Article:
Verizon Wireless Galaxy Nexus is a Wi-Fi tethering lemon

Summary:Looking for a great smartphone and LTE 4G tethering combo? Forget the Galaxy Nexus.

verizon-lemon

So in case you guys have been wondering "Where the hell has Perlow been for an entire week?" the answer is "I've been moved."

Yes, I've packed up the New Jersey regional offices of Tech Broiler and trekked my way down to the Sunshine State, where I'll be resuming blogging and fanboy-tweaking operations in the frying summer heat of South Florida.

Florida. The land of retirees, great Cuban food and lots of citrus. As in lemons.

Unfortunately the lemons I'm referring to aren't the edible kind. They're of the technological variety. 

You see, right now I'm in-between homes and living in temporary housing, so I have been forced to rely on my Verizon 4G LTE service to get my broadband.

Historically, since I became a Verizon 4G customer, I have been very happy with my LTE Wi-Fi tethering. The Motorola Droid Bionic, my first LTE device, which I have since passed down to my wife was a very stable device for doing this.

But ever since I upgraded to the Samsung Galaxy Nexus back in December, Verizon's LTE tethering stability has been absolutely atrocious. The CDMA version of Galaxy Nexus as a whole has been a cranky device, hardware-wise, and I've generally been disappointed in it overall.

Also Read: The Radio Performance Disparity of the Galaxy Nexus on GSM and CDMA (Binary Outcast)

The Ice Cream Sandwich software on this so-called flagship Google Experience Android device has been dreadfully slow to get updated by Verizon due to its proprietary LTE software bits/drivers and has been rife with bugs.

Software applications as well as built-in Google apps crash constantly and the phone would simply reboot randomly.

At the moment, I'm already on my first replacement device since buying the unit back in December. Verizon had determined the 4G tranciever was defective and sent me a new unit just under a month ago, and we had hoped that would resolve the stability and connectivity issues.

Well, it didn't.

This week, my wife and I have been housed in an Extended Stay hotel in the Fort Lauderdale area, which is utterly saturated with 4G signal. Both my Nexus and her Bionic have full bars of 4G, so the speed and reception should be optimal.

In fact, the Speedtest.net application on the phones as well as on our Wi-Fi tethered devices (iPad, laptops) indicate a 19Megabit per second average transfer rate. This should be ideal for 4G Wi-Fi tethering, right?

Well, this is simply not the case. After connecting to the Nexus via Wi-Fi hotspot mode, the 4G connection simply locks up, or the signal just drops dead. When you attempt to re-start the hospot service, the provisioning process locks up and you have to reboot the phone. Every 15 minutes. Wash, rinse and repeat.

So of course I "did the needful" and called up Verizon's tech support, which of course is always experiencing "greater than expected" hold times. After a very long tech support call Friday night, and trying various solutions, it was determined that the 4G SIM card was defective and it needed to be replaced.

So the next day, I went into a Verizon corporate store and had the chip swapped out.

I got back to my hotel, and the same issues with the tethering re-appeared. I'm now at the point where I want to throw this Korean piece of junk against the wall.

So after having a hearty Sunday brunch, I went to the Verizon corporate store on North Federal Highway in Fort Lauderdale. Jocelyn, one of the customer service reps (and an absolute saint who should be promoted to a store manager) spent over an hour with me diagnosing the phone.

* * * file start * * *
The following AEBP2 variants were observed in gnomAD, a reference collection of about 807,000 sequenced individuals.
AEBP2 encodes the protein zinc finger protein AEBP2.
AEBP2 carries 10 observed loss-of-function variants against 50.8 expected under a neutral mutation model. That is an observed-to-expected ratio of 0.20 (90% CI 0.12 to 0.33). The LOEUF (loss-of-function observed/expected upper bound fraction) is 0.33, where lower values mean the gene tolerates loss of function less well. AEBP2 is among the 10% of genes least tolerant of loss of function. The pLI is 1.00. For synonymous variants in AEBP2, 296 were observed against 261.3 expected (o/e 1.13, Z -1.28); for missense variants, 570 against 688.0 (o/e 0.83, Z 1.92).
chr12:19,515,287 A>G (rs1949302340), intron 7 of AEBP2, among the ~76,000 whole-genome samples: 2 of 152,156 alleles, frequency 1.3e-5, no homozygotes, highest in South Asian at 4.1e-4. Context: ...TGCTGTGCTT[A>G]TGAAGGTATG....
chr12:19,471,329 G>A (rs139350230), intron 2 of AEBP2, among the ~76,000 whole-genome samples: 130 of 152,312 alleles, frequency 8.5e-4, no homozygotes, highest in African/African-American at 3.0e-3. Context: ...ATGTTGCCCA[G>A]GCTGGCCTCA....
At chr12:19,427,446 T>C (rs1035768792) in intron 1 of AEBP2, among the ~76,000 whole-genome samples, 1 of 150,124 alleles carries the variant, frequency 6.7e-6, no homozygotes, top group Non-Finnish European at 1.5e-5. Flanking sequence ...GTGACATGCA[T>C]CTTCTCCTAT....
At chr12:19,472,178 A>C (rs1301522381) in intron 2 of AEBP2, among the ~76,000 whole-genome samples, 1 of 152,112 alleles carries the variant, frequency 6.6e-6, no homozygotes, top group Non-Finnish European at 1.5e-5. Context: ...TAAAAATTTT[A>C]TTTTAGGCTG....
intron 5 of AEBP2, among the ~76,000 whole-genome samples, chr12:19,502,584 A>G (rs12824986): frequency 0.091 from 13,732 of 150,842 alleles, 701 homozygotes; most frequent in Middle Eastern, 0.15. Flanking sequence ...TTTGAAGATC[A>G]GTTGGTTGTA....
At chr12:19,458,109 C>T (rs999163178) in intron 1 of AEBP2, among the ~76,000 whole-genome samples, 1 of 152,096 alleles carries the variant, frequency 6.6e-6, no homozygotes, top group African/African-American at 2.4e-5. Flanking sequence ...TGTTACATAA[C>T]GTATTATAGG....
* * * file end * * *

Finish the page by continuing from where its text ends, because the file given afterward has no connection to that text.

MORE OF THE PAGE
I asked if I could have my unlimited data plan transferred to a new device, a brand new Mi-Fi wireless access point, that I would be willing to pay full retail on.

The answer was no. Verizon considers unlimited data plans a "Smartphone Feature" and can only be used on a new smartphone device. I call foul on Big Red. If the customer wants to transfer a grandfathered plan to a device they are willing to pay for without a carrier subsidy, then they should allow it.

Jocelyn got on the phone with tech support for an hour herself, and had to wipe my device and test it with an in-store iPad to determine that the Nexus was faulty. In fact, every single Galaxy Nexus Verizon has sold has had broken tethering service since the Ice Cream Sandwich 4.0.4 update was rolled out several weeks ago.

Couldn't the store have been advised of this in some type of company memo or an entry into their support database before wasting everyone's time?

Apparently, a new Over-The-Air software update has been pushed out as of July 6 to address the issue. However, you can't force this update, you have to wait to get it. They can't even directly provision it at a Verizon store if you are experiencing this issue.

I wasted an well over an hour of my time on a Sunday when Verizon simply could have told me a forthcoming software update would fix it.

Now, one would think that the $20 per month tethering charge would be refunded until this issue was resolved. Jocelyn, sadly, did not have the authority to do this, and Verizon refuses to do it as well.

Well you know what I refuse to do? I refuse to reccommend Verizon Wireless's LTE service or their junk Samsung equipment until the company resolves this.

Has Verizon given you the run around with your Wi-Fi tethering woes on Android? Talk Back and Let Me Know.

Topics: Verizon, Android, Mobile OS, Smartphones

About

Jason Perlow, Sr. Technology Editor at ZDNet is a technologist with over two decades of experience with integrating large heterogeneous multi-vendor computing environments in Fortune 500 companies. Jason is currently a Partner Technology Strategist with Microsoft Corp. His expressed views do not necessarily represent those of his employer... Full Bio

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